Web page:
Marci and I are both fully vaccinated! We’re now two weeks past our second dose of the Pfizer-BioNTech vaccine against COVID-19. And it was only a couple of days, there, where we could read the minds of animals. Our tails never grew longer than a couple of inches, and they’ve since disappeared completely.
I’m joking, of course. Maybe it’s not funny to joke about these things. But then again, maybe it is.
The truth is that we suddenly feel a sense of freedom and release. Now that the likelihood of us catching COVID — or giving it to someone else — has dropped significantly, we feel like we have a longer leash. So we recently decided to take a five-hour road trip down to the New River Gorge of West Virginia. Mostly to celebrate our 23rd wedding anniversary, but also to celebrate our vaccination-assisted freedom.
We noticed an interesting phenomenon when we stopped for lunch in Parkersburg around mid-day. The restaurant posted a sign on the front door, apparently requiring masks. So we didn’t think anything about complying with the sign. It’s still the default behavior at this point. But when we got past the Host Station and into the Dining Room, we noticed that nobody else was wearing a mask. Even among the restaurant’s staff. If anything, it seemed like everyone else was looking at us funny because of our masks. So we took them off. And even when the server came to our table, we kept them off. Even when we went to the bathroom, we went mask-less. It felt weird, but also kind of nice — because we didn’t worry about catching or transmitting the virus from Parkersburg to some other place.
Over the course of the afternoon, however, we processed that experience. And by the time we went out for dinner in Fayetteville, we decided to recalibrate. We decided that since the CDC continues to recommend masks for any indoor assembly (even after vaccination), we will continue to wear masks. Even if that puts us in the minority. We know that we’ve done everything within our power to minimize the spread of COVID-19 — but that’s not immediately apparent to others around us. And since we want to stay others-oriented in our approach to the pandemic recovery, we’re going to keeping practicing standard COVID precautions for the foreseeable future.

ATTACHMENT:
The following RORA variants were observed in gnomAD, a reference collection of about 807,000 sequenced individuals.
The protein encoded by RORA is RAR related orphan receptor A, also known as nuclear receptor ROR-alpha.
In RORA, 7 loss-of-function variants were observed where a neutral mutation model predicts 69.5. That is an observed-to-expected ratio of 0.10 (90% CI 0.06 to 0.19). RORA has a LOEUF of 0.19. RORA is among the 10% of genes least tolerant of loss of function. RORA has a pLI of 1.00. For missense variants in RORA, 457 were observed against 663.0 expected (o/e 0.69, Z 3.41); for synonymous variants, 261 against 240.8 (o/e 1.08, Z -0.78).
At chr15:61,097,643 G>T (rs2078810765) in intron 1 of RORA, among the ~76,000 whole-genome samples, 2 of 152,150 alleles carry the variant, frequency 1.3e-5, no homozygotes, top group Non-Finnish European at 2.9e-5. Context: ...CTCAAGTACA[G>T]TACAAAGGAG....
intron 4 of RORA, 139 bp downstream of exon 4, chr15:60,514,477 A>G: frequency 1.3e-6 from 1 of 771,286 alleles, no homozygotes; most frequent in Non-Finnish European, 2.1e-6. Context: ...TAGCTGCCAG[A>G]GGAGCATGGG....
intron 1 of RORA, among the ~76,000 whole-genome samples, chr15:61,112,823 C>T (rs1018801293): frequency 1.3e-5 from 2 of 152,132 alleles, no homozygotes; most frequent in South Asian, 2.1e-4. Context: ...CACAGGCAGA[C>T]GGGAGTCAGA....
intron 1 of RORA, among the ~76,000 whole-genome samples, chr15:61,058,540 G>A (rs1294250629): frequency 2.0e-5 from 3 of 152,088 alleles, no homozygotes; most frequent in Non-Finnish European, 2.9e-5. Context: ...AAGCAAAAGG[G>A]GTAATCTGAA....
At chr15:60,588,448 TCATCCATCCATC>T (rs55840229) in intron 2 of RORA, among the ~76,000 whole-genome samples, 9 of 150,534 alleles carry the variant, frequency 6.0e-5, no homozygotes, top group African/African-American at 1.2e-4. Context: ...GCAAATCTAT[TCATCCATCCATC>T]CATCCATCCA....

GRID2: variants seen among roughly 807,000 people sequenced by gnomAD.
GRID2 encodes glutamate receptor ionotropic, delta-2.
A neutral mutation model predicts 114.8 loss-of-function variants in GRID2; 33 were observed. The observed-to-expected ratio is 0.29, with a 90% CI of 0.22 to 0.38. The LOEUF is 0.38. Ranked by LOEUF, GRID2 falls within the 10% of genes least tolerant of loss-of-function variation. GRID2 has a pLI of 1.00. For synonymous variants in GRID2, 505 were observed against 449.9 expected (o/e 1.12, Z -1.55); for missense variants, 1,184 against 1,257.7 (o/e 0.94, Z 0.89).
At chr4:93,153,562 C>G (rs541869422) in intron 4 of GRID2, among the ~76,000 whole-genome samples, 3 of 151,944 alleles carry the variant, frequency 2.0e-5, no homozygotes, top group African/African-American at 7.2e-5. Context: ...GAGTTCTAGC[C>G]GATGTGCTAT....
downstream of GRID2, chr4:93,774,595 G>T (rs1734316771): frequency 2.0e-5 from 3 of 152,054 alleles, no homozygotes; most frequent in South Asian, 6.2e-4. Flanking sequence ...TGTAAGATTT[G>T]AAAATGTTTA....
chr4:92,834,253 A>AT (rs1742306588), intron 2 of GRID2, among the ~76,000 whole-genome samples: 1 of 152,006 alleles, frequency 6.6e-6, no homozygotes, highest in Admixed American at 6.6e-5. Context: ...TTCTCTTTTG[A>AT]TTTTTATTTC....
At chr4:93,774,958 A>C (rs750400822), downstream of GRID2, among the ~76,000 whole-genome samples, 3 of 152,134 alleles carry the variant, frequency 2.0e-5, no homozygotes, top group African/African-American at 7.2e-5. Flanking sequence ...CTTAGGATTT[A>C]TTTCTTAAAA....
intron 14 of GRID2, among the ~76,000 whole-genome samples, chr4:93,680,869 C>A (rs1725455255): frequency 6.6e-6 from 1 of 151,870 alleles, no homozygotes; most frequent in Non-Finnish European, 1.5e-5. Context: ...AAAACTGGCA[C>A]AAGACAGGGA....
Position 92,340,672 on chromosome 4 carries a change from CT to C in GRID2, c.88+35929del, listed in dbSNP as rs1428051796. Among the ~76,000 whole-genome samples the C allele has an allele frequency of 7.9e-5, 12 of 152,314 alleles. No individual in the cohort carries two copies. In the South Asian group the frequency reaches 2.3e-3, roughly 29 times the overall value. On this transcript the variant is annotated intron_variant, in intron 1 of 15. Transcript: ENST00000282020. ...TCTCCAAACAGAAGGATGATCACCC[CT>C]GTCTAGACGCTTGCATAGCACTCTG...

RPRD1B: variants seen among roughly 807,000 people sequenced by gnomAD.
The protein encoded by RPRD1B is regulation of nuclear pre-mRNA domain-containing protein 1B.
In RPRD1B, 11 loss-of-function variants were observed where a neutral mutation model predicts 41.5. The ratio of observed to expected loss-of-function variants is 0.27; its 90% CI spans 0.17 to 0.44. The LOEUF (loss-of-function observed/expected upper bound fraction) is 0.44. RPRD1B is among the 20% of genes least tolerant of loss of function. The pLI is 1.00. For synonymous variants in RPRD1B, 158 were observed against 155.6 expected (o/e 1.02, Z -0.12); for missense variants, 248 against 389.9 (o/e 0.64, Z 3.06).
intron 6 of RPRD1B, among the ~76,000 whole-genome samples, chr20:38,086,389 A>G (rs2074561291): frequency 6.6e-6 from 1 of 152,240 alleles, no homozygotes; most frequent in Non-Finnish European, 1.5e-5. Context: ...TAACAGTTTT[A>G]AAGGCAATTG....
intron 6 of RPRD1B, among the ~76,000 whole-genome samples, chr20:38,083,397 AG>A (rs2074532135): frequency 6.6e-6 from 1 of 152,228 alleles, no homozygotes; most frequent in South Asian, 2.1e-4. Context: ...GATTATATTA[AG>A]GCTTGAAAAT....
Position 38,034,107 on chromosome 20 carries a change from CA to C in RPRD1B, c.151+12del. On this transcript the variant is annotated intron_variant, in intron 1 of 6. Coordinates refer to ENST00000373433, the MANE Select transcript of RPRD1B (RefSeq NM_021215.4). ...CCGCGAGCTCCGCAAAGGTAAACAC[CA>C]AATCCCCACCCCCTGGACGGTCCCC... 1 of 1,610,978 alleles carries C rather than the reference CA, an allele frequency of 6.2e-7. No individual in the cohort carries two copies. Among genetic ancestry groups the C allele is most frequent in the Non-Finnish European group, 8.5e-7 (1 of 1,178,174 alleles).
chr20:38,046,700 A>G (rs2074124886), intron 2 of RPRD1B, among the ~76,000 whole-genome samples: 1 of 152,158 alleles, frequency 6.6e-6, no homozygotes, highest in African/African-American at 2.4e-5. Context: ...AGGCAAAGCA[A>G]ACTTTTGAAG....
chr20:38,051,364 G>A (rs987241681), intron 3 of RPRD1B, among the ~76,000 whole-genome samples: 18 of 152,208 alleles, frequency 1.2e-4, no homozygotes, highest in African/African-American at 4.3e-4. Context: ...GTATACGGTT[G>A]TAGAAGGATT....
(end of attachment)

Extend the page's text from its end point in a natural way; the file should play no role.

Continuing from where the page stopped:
Our trip to the New River Gorge is not intentionally symbolic. But it feels like an apt metaphor! For decades, the only way across the deep gorge in the mountains was a winding road full of switchbacks, down one side of the gorge, across the river on a ferry or (later) over an old bridge, and up the other. Even in an automobile, it took about an hour. In the 1970s, however, they built a bridge to span the gorge. And now that same stretch can be crossed in less than ten seconds, driving at 60 miles per hour. Today visitors can use either route (and we did both this afternoon!). But it’s nice to be able to have the choice.
Being vaccinated against COVID-19 feels kind of like that. We know how to do things the old, slow way. But we also have the means to go full-speed when we need to. I hope more and more people will learn how to take the quicker, easier route (our experience with the vaccine has truly been positive). But I also hope that we’ll hold onto the lessons we’ve learned this year: looking out for others, adjusting to their comfort level, and taking the long way when needed.